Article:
In politics it is easy to exaggerate the importance of the moment. It is easy to convince yourself that new forces are emerging and that things will never be the same. I remember being intoxicated with that feeling in 1968 when, after graduating from Lancaster University, I crossed the Atlantic to work for the peace candidate Eugene McCarthy. Youth was about to triumph. We confidently joined Bob Dylan in singing ‘The times they are a-changin’. Times didn’t change that much. On 5thNovember 1968, almost exactly fifty years ago, Richard Nixon was elected to the US Presidency; today Donald Trump holds that office.
The naïve optimism of youth has long gone and I am more measured in my assessments. Nevertheless events over the last month lead me to believe that something of significance could be happening below the surface and the tectonic plates of politics may be about to shift. One indication was the People’s Vote March that took place on 20thOctober. I was accompanied by a number of old (in both senses of the word) Labour Party friends, one of whom was concerned that his lack of mobility would hold up progress. He need not have worried: a crowd of 700,000 shuffled along in what was described as ‘the slowest Waitrose queue in history’. Yes the march was decidedly middle class. However it cut across the existing party spectrum and, I suspect, attracted a lot of people who, while well-informed, have always avoided political activism.
Curiously any new political consciousness has not been reflected in the opinion polls. Both main parties are hovering around the 38-40% mark with the Conservatives marginally ahead of Labour and the LibDems not moving at all. In his latest update, David Cowling the distinguished election specialist, simply commented: “once again one is left to marvel at this state of affairs”. My interpretation is that, while there is a high level of political concern, the existing parties fail to excite: both are hopelessly divided and Labour in particular will pay a price for an ambiguous and opportunist position on Brexit. If ever there was a time for a principled stand this was it and such a stand could well have attracted many of the 700,000 marchers.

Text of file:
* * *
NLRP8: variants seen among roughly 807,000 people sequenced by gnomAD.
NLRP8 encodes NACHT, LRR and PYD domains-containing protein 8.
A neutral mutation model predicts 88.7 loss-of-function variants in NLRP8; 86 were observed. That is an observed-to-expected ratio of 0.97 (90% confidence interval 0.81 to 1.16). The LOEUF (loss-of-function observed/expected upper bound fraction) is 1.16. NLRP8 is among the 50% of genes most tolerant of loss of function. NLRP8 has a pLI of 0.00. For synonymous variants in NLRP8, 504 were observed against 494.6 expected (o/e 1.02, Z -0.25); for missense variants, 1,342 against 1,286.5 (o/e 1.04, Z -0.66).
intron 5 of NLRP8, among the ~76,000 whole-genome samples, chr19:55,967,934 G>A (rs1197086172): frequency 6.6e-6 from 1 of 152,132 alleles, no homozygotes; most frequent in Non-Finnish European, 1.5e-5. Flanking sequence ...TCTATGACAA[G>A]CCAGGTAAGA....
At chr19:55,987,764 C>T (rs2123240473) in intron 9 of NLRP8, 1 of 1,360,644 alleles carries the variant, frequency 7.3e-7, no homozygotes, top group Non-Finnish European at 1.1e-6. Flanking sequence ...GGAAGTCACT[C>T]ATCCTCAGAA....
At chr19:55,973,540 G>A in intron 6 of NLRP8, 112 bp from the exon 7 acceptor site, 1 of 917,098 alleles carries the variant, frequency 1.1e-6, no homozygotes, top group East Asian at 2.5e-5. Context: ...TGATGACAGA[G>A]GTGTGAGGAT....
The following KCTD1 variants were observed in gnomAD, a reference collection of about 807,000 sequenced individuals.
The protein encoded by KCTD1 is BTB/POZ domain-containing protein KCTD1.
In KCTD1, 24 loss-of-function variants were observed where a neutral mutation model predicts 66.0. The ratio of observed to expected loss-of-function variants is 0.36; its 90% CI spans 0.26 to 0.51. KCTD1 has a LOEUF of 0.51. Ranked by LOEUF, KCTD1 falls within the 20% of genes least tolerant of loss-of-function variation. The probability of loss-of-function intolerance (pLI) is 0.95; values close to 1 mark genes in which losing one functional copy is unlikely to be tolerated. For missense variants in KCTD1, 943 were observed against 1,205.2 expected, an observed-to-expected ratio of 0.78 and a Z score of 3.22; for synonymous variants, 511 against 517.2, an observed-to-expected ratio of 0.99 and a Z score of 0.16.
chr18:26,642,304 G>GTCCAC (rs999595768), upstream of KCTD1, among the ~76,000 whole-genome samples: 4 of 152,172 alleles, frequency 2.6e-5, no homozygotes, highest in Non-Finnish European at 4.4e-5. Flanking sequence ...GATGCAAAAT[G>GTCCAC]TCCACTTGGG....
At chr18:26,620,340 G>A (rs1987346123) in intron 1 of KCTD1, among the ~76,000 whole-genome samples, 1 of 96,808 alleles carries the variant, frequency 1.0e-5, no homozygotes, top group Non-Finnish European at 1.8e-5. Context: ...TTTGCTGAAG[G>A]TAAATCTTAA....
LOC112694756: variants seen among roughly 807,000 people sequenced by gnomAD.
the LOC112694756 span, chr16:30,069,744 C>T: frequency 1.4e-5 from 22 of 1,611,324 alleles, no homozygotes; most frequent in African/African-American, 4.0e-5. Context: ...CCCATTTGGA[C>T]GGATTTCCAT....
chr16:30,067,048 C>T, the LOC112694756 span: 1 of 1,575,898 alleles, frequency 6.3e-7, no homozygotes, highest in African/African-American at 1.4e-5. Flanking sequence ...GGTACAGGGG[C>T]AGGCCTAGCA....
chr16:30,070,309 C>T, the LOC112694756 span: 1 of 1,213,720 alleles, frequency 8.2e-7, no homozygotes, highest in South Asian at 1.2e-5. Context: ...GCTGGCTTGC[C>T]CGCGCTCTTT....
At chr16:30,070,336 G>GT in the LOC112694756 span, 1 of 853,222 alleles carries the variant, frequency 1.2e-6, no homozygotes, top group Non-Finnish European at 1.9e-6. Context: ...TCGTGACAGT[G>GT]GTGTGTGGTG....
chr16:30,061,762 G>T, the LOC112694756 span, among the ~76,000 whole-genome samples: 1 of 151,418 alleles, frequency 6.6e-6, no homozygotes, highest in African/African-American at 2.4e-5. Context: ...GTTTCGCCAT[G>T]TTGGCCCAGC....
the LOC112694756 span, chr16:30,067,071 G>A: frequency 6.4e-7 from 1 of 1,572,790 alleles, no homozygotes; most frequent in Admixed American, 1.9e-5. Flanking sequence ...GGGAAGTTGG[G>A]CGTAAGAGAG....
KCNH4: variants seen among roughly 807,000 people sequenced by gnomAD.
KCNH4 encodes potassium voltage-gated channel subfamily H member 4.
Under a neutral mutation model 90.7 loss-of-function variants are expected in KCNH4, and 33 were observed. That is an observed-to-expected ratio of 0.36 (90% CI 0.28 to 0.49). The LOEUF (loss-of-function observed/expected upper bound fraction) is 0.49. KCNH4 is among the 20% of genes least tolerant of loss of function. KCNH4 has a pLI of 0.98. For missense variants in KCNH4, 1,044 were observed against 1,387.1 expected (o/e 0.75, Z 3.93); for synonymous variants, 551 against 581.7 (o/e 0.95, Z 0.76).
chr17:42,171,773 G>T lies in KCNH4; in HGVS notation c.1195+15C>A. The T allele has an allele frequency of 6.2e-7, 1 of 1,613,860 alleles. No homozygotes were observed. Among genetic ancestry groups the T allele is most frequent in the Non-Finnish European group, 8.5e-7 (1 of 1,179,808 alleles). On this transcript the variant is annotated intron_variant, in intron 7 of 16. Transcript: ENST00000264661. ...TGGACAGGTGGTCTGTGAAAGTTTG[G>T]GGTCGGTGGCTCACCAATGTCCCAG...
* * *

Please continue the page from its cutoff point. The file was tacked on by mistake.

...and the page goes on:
It would be nice, at this stage to be able to offer some insights from North Norfolk. Alas this has not proved possible. Local government is continuing on as normal. The North Norfolk LibDems seem to be emerging from their torpor over Brexit, and look as though they may come out of their burrow and campaign if there is a new referendum – but this is scarcely evidence of the emergence of any ‘new politics’. The Labour Party, of which I remain a member, may well have hit the buffers. Momentum are firmly in control locally but the bombast is evaporating and they will be challenged to find sufficient candidates to fight all the District Council seats next year.
It is hard to know what to conclude from all this. Certainly the nature of activism is changing as well as the times, but, to quote from Bob Dylan:
Come writers and critics
Who prophesize with your pen
And keep your eyes wide
The chance won’t come again
And don’t speak too soon
For the wheel’s still in spin
And there’s no tellin’ who
That it’s namin’.
I am sure he is right: there is no tellin’ (sic) who it is namin’ (sic). Fifty-two years after penning these words Bob Dylan was awarded the Nobel Prize for literature; nobody would have predicted that outcome.
leftyoldman blogs will appear occasionally as the Brexit battle continues and the shape of post Brexit politics emerges. If you would like to receive email notification of future blogs, please press the ‘followleftyoldman’ button on the left hand side above. I continue to tweet at @eugrandparents.